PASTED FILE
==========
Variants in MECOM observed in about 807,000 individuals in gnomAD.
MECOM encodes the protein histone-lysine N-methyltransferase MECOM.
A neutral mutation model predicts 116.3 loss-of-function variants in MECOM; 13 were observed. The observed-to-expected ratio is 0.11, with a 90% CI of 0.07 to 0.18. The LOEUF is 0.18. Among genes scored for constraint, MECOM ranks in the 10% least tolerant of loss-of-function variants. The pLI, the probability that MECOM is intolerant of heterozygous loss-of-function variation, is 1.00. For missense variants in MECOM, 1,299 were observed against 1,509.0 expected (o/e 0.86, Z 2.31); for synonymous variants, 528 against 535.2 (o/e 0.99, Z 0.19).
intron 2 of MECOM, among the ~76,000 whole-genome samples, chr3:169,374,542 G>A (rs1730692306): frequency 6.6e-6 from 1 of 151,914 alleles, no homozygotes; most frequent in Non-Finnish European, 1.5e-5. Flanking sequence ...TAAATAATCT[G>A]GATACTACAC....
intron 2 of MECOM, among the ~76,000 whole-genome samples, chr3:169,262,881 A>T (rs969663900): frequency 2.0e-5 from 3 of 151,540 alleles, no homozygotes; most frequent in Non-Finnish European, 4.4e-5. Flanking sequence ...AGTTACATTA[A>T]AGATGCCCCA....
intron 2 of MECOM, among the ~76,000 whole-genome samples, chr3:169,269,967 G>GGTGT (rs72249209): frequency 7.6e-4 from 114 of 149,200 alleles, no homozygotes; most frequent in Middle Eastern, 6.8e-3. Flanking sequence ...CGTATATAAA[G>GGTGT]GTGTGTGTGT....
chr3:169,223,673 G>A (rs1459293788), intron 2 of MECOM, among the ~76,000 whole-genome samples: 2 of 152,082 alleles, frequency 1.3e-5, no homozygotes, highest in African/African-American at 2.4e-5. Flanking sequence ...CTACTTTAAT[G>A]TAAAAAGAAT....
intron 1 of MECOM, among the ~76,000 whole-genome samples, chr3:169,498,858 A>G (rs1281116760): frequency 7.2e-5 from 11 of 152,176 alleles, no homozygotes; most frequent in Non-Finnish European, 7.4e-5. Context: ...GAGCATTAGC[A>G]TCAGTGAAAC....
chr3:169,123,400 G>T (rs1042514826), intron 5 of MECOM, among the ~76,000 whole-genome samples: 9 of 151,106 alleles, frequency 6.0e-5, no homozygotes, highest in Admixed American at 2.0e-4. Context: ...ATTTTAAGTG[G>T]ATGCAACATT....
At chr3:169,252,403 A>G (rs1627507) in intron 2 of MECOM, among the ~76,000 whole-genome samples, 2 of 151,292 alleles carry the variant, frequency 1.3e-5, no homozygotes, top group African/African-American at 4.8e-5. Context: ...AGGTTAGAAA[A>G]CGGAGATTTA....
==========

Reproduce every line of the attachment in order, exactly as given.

Variants in MECOM observed in about 807,000 individuals in gnomAD.
MECOM encodes the protein histone-lysine N-methyltransferase MECOM.
A neutral mutation model predicts 116.3 loss-of-function variants in MECOM; 13 were observed. The observed-to-expected ratio is 0.11, with a 90% CI of 0.07 to 0.18. The LOEUF is 0.18. Among genes scored for constraint, MECOM ranks in the 10% least tolerant of loss-of-function variants. The pLI, the probability that MECOM is intolerant of heterozygous loss-of-function variation, is 1.00. For missense variants in MECOM, 1,299 were observed against 1,509.0 expected (o/e 0.86, Z 2.31); for synonymous variants, 528 against 535.2 (o/e 0.99, Z 0.19).
intron 2 of MECOM, among the ~76,000 whole-genome samples, chr3:169,374,542 G>A (rs1730692306): frequency 6.6e-6 from 1 of 151,914 alleles, no homozygotes; most frequent in Non-Finnish European, 1.5e-5. Flanking sequence ...TAAATAATCT[G>A]GATACTACAC....
intron 2 of MECOM, among the ~76,000 whole-genome samples, chr3:169,262,881 A>T (rs969663900): frequency 2.0e-5 from 3 of 151,540 alleles, no homozygotes; most frequent in Non-Finnish European, 4.4e-5. Flanking sequence ...AGTTACATTA[A>T]AGATGCCCCA....
intron 2 of MECOM, among the ~76,000 whole-genome samples, chr3:169,269,967 G>GGTGT (rs72249209): frequency 7.6e-4 from 114 of 149,200 alleles, no homozygotes; most frequent in Middle Eastern, 6.8e-3. Flanking sequence ...CGTATATAAA[G>GGTGT]GTGTGTGTGT....
chr3:169,223,673 G>A (rs1459293788), intron 2 of MECOM, among the ~76,000 whole-genome samples: 2 of 152,082 alleles, frequency 1.3e-5, no homozygotes, highest in African/African-American at 2.4e-5. Flanking sequence ...CTACTTTAAT[G>A]TAAAAAGAAT....
intron 1 of MECOM, among the ~76,000 whole-genome samples, chr3:169,498,858 A>G (rs1281116760): frequency 7.2e-5 from 11 of 152,176 alleles, no homozygotes; most frequent in Non-Finnish European, 7.4e-5. Context: ...GAGCATTAGC[A>G]TCAGTGAAAC....
chr3:169,123,400 G>T (rs1042514826), intron 5 of MECOM, among the ~76,000 whole-genome samples: 9 of 151,106 alleles, frequency 6.0e-5, no homozygotes, highest in Admixed American at 2.0e-4. Context: ...ATTTTAAGTG[G>T]ATGCAACATT....
At chr3:169,252,403 A>G (rs1627507) in intron 2 of MECOM, among the ~76,000 whole-genome samples, 2 of 151,292 alleles carry the variant, frequency 1.3e-5, no homozygotes, top group African/African-American at 4.8e-5. Context: ...AGGTTAGAAA[A>G]CGGAGATTTA....